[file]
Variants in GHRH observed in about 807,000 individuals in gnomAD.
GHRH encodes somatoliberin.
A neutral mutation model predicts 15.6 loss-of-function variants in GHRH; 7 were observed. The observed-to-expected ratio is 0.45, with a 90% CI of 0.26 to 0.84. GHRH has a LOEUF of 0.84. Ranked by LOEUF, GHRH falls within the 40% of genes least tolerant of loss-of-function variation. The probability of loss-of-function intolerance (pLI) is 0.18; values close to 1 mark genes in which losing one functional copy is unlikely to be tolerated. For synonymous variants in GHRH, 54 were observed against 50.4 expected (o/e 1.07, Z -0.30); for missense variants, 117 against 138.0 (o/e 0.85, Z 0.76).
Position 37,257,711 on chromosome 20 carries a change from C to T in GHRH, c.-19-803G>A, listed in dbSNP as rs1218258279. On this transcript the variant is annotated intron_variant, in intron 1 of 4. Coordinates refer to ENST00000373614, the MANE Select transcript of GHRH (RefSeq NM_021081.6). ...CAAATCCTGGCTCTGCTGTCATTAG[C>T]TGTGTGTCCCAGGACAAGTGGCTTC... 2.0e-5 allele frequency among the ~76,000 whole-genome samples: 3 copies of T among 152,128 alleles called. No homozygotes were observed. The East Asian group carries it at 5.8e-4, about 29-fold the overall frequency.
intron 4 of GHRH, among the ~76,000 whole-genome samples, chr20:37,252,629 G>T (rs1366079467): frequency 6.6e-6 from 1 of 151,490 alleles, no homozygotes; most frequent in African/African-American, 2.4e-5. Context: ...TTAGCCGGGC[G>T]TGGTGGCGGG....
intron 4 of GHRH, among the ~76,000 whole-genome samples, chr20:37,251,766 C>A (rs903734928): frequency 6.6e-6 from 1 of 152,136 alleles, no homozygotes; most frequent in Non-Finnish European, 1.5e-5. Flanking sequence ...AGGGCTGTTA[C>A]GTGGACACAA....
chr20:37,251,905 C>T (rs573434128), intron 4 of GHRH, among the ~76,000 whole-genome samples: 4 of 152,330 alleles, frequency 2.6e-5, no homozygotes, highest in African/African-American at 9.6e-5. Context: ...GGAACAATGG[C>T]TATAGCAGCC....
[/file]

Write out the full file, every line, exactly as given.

Variants in GHRH observed in about 807,000 individuals in gnomAD.
GHRH encodes somatoliberin.
A neutral mutation model predicts 15.6 loss-of-function variants in GHRH; 7 were observed. The observed-to-expected ratio is 0.45, with a 90% CI of 0.26 to 0.84. GHRH has a LOEUF of 0.84. Ranked by LOEUF, GHRH falls within the 40% of genes least tolerant of loss-of-function variation. The probability of loss-of-function intolerance (pLI) is 0.18; values close to 1 mark genes in which losing one functional copy is unlikely to be tolerated. For synonymous variants in GHRH, 54 were observed against 50.4 expected (o/e 1.07, Z -0.30); for missense variants, 117 against 138.0 (o/e 0.85, Z 0.76).
Position 37,257,711 on chromosome 20 carries a change from C to T in GHRH, c.-19-803G>A, listed in dbSNP as rs1218258279. On this transcript the variant is annotated intron_variant, in intron 1 of 4. Coordinates refer to ENST00000373614, the MANE Select transcript of GHRH (RefSeq NM_021081.6). ...CAAATCCTGGCTCTGCTGTCATTAG[C>T]TGTGTGTCCCAGGACAAGTGGCTTC... 2.0e-5 allele frequency among the ~76,000 whole-genome samples: 3 copies of T among 152,128 alleles called. No homozygotes were observed. The East Asian group carries it at 5.8e-4, about 29-fold the overall frequency.
intron 4 of GHRH, among the ~76,000 whole-genome samples, chr20:37,252,629 G>T (rs1366079467): frequency 6.6e-6 from 1 of 151,490 alleles, no homozygotes; most frequent in African/African-American, 2.4e-5. Context: ...TTAGCCGGGC[G>T]TGGTGGCGGG....
intron 4 of GHRH, among the ~76,000 whole-genome samples, chr20:37,251,766 C>A (rs903734928): frequency 6.6e-6 from 1 of 152,136 alleles, no homozygotes; most frequent in Non-Finnish European, 1.5e-5. Flanking sequence ...AGGGCTGTTA[C>A]GTGGACACAA....
chr20:37,251,905 C>T (rs573434128), intron 4 of GHRH, among the ~76,000 whole-genome samples: 4 of 152,330 alleles, frequency 2.6e-5, no homozygotes, highest in African/African-American at 9.6e-5. Context: ...GGAACAATGG[C>T]TATAGCAGCC....